Arts funding continued...

Pursuing the funding discussion thread (for those who are interested), I got a link to official Australian Bureau of Statistics figures on arts funding from a friend (thanks Guy!). According to Guy's reading:

"although the Fed Govt puts over $1.6 billion into arts, heritage and the environment the amount that is taken by "Heritage" is huge in comparison to what gets spent on arts. Performing arts gets a paltry $80 million of the cut in the end, but I doubt whether this is necessarily all to artists per se."

So much for Senator Brandis' statement that "artists have never been happier". Perhaps poverty suits artists, or at least popular conceptions of 'proper' artists, as opposed to members of the commentariat. This might go some of the way to explaining the enduring popularity of the vision of the Bohemian artist in works such as La Boheme, and its contemporary
imitators Rent and Baz Luhmann's Moulin Rouge. Lovable poverty-striken yet passionate artists are OK. Angry, articulate, and intelligent artists are not so OK, not so 'proper'.

I suppose things could be worse. We could be in the situation of English artists, with a
£675m cut to arts funding to directly cover a budget shortfall for the London 2012 Olympic Games...


Anonymous said…

According to Stuart Cunningham, quoted by Katherine Brisbane in her 2006 Elizabeth Jolley lecture "Imagining a Creative Nation," accessible from :
"In quantum terms, the tax dollar spend on the arts is very small indeed and judicious
increases are certainly called for. The Productivity Commission… estimates that Culture
and Recreation, the sector where the arts are placed, received less than 1% of its income
from the public purse. Compare this to the enormous 14.3% allocated to some
manufacturing sectors, and 9.5% to textiles, clothing and footwear. Clearly, the idea that
the arts are more heavily subsidised by our hard-earned tax dollar than other sectors is
laughable. Thanks to the efforts of excessively influential lobbyists, the amount of
corporate welfare routinely thrown at failing industries and mendicant companies is
massively greater than that given to the arts. According to the Productivity Commission,
tax breaks and handouts that the Federal Government gave to business last year
amounted to $4.6 billion."

I just thought that was a relevant quote relating to the question of how much government money is actually spent on the arts; of course it doesn't include support from state and local governments.

Very interesting post, David; thanks for bringing to our attention the so-called arts policy debate between Brandis and Garrett.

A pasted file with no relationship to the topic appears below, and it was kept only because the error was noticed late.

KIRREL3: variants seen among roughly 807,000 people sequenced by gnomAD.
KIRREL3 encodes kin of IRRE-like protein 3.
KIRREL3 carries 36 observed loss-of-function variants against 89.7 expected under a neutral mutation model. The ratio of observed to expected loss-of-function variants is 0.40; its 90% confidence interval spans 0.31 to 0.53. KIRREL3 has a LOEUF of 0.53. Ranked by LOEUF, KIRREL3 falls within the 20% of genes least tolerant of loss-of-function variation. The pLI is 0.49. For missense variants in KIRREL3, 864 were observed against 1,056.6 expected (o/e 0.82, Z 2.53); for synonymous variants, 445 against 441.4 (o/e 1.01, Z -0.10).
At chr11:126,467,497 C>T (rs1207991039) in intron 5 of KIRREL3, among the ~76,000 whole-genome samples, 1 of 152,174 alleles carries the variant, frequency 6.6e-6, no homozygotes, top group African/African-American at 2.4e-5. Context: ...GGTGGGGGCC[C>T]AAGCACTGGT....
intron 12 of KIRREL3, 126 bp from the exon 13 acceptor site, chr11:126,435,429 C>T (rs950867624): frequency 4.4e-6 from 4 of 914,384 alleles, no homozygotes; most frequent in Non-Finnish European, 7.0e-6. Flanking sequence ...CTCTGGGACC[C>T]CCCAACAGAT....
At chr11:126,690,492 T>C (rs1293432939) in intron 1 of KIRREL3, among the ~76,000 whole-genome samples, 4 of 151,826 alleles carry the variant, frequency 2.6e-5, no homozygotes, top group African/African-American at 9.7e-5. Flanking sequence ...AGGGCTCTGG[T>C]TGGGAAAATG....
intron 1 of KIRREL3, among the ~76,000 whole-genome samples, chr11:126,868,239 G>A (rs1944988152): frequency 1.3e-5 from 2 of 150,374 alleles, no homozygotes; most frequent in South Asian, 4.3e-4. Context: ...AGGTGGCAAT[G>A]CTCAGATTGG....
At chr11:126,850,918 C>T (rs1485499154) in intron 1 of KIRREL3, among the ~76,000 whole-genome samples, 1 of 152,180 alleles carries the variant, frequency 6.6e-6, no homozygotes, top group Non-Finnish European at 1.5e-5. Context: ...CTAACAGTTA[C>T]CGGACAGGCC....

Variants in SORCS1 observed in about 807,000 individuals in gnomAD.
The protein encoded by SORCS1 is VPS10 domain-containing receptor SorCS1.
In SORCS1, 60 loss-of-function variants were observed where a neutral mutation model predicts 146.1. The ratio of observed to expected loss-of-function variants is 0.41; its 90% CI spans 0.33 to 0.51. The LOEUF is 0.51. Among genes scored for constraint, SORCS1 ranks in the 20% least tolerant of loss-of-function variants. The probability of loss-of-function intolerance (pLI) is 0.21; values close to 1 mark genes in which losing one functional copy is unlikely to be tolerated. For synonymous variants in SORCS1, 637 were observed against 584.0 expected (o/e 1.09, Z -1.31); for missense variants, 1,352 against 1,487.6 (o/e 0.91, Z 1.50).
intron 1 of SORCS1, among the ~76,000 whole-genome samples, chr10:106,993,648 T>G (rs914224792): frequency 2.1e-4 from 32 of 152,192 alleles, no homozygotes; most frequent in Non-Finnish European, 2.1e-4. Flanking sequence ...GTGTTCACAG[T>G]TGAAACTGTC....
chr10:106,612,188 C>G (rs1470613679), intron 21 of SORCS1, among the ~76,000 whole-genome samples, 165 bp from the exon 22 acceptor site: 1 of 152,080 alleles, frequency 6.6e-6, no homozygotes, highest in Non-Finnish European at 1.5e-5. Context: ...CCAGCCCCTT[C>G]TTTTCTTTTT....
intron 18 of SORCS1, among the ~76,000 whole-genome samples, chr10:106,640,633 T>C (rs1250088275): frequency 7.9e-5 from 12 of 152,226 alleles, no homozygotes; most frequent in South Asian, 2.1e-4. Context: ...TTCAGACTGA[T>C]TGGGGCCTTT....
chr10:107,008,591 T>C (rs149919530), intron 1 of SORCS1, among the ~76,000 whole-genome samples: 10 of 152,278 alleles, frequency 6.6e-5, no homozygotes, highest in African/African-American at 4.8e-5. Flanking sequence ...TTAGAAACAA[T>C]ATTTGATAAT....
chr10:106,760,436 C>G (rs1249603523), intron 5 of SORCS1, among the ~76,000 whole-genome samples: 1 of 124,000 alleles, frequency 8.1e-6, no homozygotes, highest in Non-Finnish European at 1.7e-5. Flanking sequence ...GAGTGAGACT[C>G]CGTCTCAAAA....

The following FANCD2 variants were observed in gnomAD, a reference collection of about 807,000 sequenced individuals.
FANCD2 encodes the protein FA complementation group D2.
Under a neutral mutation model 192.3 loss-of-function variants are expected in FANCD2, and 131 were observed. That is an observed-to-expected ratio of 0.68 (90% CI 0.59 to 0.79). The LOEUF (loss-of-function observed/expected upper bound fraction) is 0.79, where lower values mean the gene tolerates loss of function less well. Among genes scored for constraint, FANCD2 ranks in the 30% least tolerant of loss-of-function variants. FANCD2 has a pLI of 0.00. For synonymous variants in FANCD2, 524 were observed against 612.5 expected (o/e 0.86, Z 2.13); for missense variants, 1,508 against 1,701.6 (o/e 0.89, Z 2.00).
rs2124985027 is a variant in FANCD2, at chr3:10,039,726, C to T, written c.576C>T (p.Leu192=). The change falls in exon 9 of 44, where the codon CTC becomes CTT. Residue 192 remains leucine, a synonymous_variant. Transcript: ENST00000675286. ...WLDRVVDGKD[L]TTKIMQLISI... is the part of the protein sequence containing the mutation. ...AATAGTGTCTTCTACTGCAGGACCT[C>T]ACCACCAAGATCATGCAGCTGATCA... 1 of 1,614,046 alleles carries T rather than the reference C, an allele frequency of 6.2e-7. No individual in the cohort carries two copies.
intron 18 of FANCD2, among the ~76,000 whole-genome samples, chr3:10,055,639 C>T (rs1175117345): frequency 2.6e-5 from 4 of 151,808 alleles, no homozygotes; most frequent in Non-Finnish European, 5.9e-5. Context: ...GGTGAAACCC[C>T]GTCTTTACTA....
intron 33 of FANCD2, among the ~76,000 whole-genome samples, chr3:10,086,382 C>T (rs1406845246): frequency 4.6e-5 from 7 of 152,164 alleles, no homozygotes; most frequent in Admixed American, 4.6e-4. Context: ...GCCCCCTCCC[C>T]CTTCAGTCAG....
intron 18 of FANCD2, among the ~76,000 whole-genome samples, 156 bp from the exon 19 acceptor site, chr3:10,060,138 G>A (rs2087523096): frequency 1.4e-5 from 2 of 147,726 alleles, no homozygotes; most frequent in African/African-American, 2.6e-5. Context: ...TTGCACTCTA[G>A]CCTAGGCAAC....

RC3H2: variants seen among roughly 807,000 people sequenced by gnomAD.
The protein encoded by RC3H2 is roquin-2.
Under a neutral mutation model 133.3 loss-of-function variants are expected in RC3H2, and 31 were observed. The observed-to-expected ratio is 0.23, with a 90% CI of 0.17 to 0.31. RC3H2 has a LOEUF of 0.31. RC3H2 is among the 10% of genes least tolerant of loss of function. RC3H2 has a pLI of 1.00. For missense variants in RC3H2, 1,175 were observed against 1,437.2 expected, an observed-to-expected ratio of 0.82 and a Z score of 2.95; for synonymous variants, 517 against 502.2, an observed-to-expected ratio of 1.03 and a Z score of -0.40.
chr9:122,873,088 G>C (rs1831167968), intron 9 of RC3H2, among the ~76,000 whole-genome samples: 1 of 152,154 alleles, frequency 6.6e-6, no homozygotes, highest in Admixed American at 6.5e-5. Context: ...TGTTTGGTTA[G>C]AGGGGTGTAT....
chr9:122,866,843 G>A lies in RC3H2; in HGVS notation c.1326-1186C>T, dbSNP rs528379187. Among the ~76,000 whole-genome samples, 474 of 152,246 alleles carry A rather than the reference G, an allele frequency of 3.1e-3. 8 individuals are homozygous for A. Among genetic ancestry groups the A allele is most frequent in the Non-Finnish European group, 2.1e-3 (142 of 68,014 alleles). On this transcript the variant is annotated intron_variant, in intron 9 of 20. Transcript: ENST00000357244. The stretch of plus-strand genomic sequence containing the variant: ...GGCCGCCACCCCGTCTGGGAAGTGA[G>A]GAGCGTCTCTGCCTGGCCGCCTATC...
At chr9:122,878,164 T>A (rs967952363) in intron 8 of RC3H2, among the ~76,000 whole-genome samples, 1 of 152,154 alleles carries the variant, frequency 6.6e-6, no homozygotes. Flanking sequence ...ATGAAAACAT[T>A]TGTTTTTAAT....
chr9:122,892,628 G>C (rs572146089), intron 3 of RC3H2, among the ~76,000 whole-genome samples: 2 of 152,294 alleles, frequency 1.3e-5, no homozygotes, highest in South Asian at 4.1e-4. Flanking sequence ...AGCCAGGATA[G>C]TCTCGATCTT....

It would be interesting to see, should Labor win the upcoming election, how that will affect arts companies such as Version 1.0. I try to hope for a better situation, but right now things are very frustrating and discouraging.


PS Tried to post this in the previous Arts funding post, but it didn't occur as far as I know, so I apologise if this is a double posting.
David Williams said…
Thanks Anna.

apart from the subsidies of the industries you mentioned, there's the sheer wastage of public monies on failed and redundent defense purchasing, something that both sides of politics have unfortunately been guilty of over the years, but lately has blown out considerably it seems with the Bushranger APCs, the Abrams tanks, the F-35, the Sea Sprites etc etc etc.

It's an open question as to how the arts generally, and small theatre companies like version 1.0 will do in the event that Labor does win the election, a prospect that does seem an even bet at best at the moment. And even if Labor does win, things won't necessary improve markedly for the sector. It seems that Labor too regards arts as relatively low priority, which I suppose is a marginal improvement over actively hostile. But I doubt that the policies of the current governement will vanish under a potential Labor Government.

I have to confess of course that version 1.0 has done well out of a decade of conservative government in Australia. We've made a name for ourselves working through the materials produced by this government's many scandals, and of course we've done so with government monies (they gave as well as taketh away). But a change of government won't necessarily bring an end to scandals of governance. Undoubtedly there'll still be parliamentary scandals to pursue.

and I was probably a bit harsh on Garrett - he spoke well, and the crowd loved him. He spoke warmly and created a sense of a bright future, but was a little shy on the detail in my view.

thanks for your comments.


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